CARSON CITY — A Reno eighth-grader says his First Amendment rights were violated after a teacher told him to cover up his pro-gun T-shirt, according to a federal civil rights lawsuit filed Tuesday.
On March 12, the student at Kendyl Depoali Middle School in Reno, identified in the lawsuit by the initials G.M., was told by a teacher to remove or cover up his shirt because it violated the school district’s dress code, according to the complaint.
The lawsuit, which names the middle school and the Washoe County School District as defendants, says that was a violation of the student’s freedom of speech.
The school district said the lawsuit, filed in U.S. District Court in Reno, came as a surprise Tuesday.
“The District was served the lawsuit this morning without warning. We are looking into the allegations at this time. As a result, we cannot provide any further information,” school district spokesman Charles Rahn said in a statement.
The case comes amid recent protests as part of the National School Walkout, where students from across the nation have walked out of classrooms in a call for gun reform. The protests were sparked by the shooting at Stoneman Douglas High School in Parkland, Florida on Feb. 14, in which a 19-year-old walked into the school with an AR-15-style rifle and shot and killed 17 people, including 14 students.
The T-shirt case is not the first freedom of speech issue to crop up in Reno amid the gun violence protests.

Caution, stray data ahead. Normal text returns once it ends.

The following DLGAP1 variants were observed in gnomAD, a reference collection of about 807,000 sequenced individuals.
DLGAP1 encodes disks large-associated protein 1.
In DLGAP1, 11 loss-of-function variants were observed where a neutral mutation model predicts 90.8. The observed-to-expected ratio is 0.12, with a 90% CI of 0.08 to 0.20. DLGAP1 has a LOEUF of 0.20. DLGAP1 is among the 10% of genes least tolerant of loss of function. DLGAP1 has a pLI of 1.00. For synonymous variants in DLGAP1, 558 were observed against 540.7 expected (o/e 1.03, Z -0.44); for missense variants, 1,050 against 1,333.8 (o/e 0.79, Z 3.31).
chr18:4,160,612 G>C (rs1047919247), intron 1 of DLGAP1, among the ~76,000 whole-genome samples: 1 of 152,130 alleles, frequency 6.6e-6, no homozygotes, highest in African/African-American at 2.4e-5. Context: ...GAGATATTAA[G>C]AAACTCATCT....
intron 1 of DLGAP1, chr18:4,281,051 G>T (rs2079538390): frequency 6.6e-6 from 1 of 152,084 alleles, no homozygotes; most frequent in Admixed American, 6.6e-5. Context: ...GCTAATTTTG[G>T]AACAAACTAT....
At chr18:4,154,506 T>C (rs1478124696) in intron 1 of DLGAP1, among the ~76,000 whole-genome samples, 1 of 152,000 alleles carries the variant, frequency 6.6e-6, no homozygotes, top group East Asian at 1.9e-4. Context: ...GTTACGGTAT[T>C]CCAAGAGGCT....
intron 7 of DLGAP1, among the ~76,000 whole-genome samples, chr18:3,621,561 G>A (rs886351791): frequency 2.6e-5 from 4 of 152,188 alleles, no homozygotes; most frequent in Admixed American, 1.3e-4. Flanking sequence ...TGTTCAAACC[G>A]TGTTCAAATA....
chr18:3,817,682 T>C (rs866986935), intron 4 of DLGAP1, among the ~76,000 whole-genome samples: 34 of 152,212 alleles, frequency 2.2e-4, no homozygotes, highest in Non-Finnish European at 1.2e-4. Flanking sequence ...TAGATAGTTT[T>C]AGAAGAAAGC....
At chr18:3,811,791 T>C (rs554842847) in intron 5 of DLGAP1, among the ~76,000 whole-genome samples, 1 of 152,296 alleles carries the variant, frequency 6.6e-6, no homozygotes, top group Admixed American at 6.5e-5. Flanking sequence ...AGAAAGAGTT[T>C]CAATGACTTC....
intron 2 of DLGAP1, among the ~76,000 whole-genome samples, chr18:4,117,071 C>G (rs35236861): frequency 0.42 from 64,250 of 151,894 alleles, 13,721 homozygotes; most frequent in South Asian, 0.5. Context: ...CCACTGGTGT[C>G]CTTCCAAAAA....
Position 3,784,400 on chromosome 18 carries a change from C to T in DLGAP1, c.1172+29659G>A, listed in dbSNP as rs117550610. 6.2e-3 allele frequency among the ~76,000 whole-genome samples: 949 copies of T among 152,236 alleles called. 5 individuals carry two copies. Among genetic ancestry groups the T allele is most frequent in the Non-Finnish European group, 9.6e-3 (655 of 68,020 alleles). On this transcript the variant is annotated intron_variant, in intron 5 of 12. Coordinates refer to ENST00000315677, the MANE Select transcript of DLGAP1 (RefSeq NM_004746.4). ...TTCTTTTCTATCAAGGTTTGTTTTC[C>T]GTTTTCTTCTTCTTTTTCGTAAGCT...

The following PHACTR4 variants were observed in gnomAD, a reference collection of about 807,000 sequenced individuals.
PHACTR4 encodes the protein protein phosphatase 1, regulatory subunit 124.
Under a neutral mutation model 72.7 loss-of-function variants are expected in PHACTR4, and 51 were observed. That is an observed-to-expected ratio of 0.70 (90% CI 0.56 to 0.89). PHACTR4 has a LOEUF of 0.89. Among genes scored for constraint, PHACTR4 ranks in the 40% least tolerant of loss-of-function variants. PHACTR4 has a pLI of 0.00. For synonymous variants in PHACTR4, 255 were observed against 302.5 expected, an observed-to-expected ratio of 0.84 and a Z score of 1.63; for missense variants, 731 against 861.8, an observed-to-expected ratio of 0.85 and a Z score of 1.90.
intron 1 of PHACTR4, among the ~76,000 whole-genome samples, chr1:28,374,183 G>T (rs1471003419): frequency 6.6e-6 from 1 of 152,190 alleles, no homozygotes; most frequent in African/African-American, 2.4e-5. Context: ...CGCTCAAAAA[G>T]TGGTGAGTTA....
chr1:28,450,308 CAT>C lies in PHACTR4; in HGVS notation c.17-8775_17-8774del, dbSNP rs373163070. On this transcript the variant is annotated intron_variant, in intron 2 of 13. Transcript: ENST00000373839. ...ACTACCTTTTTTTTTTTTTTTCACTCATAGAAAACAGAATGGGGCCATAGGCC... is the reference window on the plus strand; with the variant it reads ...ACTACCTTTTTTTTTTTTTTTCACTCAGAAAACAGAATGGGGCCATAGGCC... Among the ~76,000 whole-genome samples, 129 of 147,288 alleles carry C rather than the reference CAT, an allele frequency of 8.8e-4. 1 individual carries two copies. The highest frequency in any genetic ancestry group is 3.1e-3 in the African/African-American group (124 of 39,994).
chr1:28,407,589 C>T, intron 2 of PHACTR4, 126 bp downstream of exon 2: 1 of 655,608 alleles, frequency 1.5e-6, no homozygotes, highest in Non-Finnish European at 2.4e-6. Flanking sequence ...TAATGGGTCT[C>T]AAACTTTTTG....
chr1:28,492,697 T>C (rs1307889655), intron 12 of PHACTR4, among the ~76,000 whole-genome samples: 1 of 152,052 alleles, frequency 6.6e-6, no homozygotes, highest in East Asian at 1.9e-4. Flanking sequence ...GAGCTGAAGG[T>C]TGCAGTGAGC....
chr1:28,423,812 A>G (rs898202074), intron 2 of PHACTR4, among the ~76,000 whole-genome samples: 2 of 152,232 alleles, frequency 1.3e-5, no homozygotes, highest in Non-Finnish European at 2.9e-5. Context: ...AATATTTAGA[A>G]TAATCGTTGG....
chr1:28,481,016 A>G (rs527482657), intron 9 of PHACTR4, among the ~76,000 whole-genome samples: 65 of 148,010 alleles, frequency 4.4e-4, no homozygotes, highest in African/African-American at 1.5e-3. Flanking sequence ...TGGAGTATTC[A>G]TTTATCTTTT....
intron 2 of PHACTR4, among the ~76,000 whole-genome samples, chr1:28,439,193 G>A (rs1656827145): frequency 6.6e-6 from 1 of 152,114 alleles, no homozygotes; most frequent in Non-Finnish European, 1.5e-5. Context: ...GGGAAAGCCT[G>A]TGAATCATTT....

Last month, a Reno high school student was suspended after calling Nevada Rep. Mark Amodei’s office during the March 14 nationwide walkout and expressing his anger over inaction on behalf of Congress on gun control. The school district eventually overturned the two-day suspension.
In the more recent case, the boy’s shirt depicted images similar to the Gadsden Flag, including a coiled snake and the words “Don’t tread on me.” It also included “Firearm Policy Coalition,” a pro-gun rights political group, as well as “2A,” meant to stand for the Second Amendment of the U.S. Constitution, according to the complaint.
The school district dress code prohibits any clothing with “sexual overtones, or anything that promotes firearms, alcohol, drugs, tobacco, gang membership, or violence.”
The lawsuit claims that the student’s shirt did not depict firearm images and that the student was wearing it to comment on a national debate about a serious issue and to voice support for constitutional rights, including the right to bear arms under the Second Amendment.
The lawsuit does not say that the student was formally disciplined, but rather that he covered his shirt with a sweatshirt and hasn’t worn the shirt to school since because he’s afraid of “further discipline.”
“Public schools may not violate the civil rights of pro-gun rights students because they don’t like the Second Amendment or people who support the fundamental, individual human right to armed self-defense,” said Brandon Combs, chairman of Firearm Policy Foundation and president of Firearm Policy Coalition.
Holly Welborn, policy director for the the American Civil Liberties Union of Nevada, which often handles First Amendment violation cases, said students generally “can wear expressive clothing in the schoolhouse as long is it doesn’t cause a serious or substantial disruption in the classroom.”